Tourists can learn all things rice-related at a centre based on a working farm in Suphan Buri
A group of visitors put on mohom (indigo) cotton shirts and pants. It was their first time learning how to harvest rice and plant rice seedlings as well as tasting purple rice tea.
The activities are part of tourist services at the Learning Centre of Farmer’s Way of Life and Wisdoms in Muang district of Suphan Buri. The centre lies in the 86 rai rice field belonging to Nipat Charoenthammaraksa, whose business is selling rice seeds to 300 farmer families. He also calls the centre “Na Here Chai”, referring to the rice paddies of Mr Chai, which is the nickname of his father Pichai.
“My family used to run a rice mill and offered loans to farmers. But it was not a business model that I liked,” said Nipat, 43. When he was asked to take care of the family’s legacy after his father got sick, he decided to change the business to produce and supply rice seeds to farmers.
In 1997, he started planting rice on his family’s land with two staff members and imported rice planting, harvesting and polishing machines from Taiwan.
During the initial years of operations, they could harvest 4 tonnes of rice. At present, the total production has jumped to 18 tonnes. He has 104 staff, including farmers who are hired to give visitors guidelines on how to plant rice.
After succeeding in the rice business, he initiated a tourism project to encourage city people to learn more about being farmers and how to grow rice.
“The project is my mission to show my gratitude towards farmers and my motherland,” he said. He wanted to highlight farmers’ endurance and wisdom and at the same time promote Suphan Buri, which is well known for its vast expanses of rice paddies.
The project started in 2010. Nipat set aside a 60 million baht budget to create the Na Here Chai learning centre on a 10 rai plot of land at the zone close to Road 322.
Opened last October, the learning centre features paddy demonstration fields, water buffalo pens, a 14.5m-tall observation tower where visitors can enjoy a panoramic view of the centre and a group of traditional Thai-style houses. There is also an open-air food centre and a coffee shop decorated with old items of shophouses, such as dial-up telephones, metal candy boxes and an old bicycle.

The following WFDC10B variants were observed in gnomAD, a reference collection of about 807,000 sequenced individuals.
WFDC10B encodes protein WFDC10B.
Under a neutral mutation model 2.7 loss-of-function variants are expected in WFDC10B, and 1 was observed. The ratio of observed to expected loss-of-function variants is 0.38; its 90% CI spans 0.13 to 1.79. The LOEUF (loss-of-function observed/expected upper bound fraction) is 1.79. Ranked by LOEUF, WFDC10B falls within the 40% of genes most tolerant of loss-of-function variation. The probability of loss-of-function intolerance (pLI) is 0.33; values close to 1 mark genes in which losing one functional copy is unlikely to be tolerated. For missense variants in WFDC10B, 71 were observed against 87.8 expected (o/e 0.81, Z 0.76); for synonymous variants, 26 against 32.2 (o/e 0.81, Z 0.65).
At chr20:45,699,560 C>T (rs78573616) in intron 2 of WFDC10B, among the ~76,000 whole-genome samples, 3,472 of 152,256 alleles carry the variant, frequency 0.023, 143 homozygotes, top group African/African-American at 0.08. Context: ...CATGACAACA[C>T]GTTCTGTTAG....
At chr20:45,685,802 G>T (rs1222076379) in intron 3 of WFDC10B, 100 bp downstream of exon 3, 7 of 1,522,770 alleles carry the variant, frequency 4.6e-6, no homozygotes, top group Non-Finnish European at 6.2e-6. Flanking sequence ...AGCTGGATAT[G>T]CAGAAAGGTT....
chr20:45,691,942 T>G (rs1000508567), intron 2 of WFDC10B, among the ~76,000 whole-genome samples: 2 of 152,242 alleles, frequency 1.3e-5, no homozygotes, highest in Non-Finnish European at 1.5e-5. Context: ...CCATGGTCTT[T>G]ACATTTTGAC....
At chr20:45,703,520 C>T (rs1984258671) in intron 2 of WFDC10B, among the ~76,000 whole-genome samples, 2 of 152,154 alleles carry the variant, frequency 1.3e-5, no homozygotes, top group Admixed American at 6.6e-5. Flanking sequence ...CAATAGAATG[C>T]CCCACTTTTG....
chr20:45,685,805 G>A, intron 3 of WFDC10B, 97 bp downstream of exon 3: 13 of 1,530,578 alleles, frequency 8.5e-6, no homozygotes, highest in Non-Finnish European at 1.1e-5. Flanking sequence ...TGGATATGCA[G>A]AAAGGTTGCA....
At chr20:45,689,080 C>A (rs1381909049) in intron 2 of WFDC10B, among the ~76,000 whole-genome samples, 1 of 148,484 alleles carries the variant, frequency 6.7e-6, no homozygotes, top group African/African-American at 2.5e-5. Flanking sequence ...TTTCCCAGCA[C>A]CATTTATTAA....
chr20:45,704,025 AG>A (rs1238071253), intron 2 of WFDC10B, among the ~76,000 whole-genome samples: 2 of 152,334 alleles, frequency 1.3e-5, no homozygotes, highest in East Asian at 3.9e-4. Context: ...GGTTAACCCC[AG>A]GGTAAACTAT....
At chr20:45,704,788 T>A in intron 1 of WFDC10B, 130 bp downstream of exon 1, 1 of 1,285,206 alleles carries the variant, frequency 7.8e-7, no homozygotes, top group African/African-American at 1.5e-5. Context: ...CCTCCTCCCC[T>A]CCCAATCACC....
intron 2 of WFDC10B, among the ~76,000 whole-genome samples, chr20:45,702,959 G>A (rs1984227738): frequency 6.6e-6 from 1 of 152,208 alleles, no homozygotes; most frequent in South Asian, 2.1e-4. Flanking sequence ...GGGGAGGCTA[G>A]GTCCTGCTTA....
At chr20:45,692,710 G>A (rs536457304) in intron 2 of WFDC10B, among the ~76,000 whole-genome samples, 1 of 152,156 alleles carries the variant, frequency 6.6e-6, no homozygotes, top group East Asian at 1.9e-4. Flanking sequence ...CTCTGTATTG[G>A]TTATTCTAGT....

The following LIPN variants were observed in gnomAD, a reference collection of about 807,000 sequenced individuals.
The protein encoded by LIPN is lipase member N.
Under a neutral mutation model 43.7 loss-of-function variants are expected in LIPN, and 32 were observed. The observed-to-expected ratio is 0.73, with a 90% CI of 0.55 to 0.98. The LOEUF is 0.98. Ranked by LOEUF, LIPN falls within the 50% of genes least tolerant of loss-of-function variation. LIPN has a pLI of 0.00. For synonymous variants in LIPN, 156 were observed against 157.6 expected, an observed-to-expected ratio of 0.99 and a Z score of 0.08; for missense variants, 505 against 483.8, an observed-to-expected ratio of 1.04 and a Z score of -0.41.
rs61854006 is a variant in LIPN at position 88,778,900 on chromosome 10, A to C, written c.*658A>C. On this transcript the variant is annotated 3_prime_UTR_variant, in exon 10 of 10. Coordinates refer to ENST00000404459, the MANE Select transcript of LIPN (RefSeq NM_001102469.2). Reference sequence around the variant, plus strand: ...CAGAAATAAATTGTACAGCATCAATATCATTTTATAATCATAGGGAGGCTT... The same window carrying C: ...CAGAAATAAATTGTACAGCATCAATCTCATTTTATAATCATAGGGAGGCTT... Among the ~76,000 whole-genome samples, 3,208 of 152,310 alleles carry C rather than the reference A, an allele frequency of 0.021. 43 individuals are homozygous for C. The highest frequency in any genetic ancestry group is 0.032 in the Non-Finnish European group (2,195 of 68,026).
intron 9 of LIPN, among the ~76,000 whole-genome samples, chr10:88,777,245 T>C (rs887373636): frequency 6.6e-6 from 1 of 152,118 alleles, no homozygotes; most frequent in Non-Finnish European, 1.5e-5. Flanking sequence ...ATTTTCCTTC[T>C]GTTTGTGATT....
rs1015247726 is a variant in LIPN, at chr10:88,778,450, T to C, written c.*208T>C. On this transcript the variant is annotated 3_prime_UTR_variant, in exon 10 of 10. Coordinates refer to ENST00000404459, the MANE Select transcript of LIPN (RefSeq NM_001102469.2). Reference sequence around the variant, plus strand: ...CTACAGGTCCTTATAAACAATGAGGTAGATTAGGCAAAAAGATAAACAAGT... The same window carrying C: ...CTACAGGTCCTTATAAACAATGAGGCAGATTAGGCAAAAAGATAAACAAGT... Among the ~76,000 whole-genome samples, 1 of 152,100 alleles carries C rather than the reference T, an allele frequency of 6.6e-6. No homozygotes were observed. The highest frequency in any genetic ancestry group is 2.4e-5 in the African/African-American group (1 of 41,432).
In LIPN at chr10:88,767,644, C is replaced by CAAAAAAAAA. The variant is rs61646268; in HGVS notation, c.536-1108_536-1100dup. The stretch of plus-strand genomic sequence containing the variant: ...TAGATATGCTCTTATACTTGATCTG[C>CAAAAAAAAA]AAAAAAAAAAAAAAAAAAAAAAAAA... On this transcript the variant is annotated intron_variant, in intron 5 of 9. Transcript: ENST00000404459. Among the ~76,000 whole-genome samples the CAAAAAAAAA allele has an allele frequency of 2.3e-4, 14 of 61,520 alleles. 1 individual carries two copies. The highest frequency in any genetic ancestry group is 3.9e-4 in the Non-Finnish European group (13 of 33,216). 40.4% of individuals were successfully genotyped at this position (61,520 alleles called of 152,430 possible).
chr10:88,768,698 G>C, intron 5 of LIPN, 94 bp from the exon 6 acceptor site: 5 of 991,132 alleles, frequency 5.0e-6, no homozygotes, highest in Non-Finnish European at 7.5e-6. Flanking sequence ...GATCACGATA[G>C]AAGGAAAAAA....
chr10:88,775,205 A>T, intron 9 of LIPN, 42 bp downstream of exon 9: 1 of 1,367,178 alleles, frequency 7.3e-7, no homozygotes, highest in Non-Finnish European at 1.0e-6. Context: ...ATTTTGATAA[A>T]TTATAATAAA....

The centre can organise activities for group visitors. A group must have at least 20 people if they want to know how to grow rice seedlings or harvest rice. Those who travel in a group of at least 10 can learn how to make some local desserts such askhanom tan (toddy palm cake in banana leaf).
Individual visitors or those who are travelling in smaller groups can still enjoy the learning centre. The main visiting attraction is the complex of four traditional Thai-style houses. The largest house comprises a main room, imitating a parent room, and two smaller rooms and a cooking area.
Each room is decorated as a gallery to showcase collections of everyday items 50 years ago, such as charcoal irons, silver chain girdles and smoking pipes. Under the raised platform of the house is the exhibition zone where visitors can see old farm tools and other household items, such as rice huskers, stone rice grinders and hanging cradles.
Another house is a gallery to show collections of pictures and items related to Their Majesties the King and the Queen such as old photos, old coins and banknotes as well as sculptures of King Rama I to the present Rama IX.
A third house is dedicated to Mae Phosop (the Mother of Rice) and the last house, which is decorated as a classroom, is where visitors can find collections of books written by HM the King.
The centre also has bicycles for rent as well as a souvenir shop if some want to buy rice. Varieties include khao riceberry (dark violet rice), khao hin lek (light brown rice) and khao leum phua (dark violet glutinous rice which is used for making tea at the centre).
Recently, the Tourism Authority of Thailand (TAT) selected the learning centre as a destination to promote farm tours in the central region. Although the centre does not grow rice in an organic way, it receives recognition from TAT because of the activities and facilities, including having clean toilets for tourists.
In addition, the centre also has farmers who can share their farming knowledge with those who are interested.
Na Here Chai is a one-stop learning centre where anyone can have a once-in-a-lifetime experience to happily get their feet dirty with mud in a wet field and learn how to plant rice seedlings like a farmer.
The Learning Centre of Farmer’s Way of Life and Wisdoms is located in Muang district. It is about 10km west of Suphan Buri City Hall.
The centre is open daily from 8am-5pm. There is no entrance fee.
For more information, visit its website at www.herechai.com or call 092-626-1515.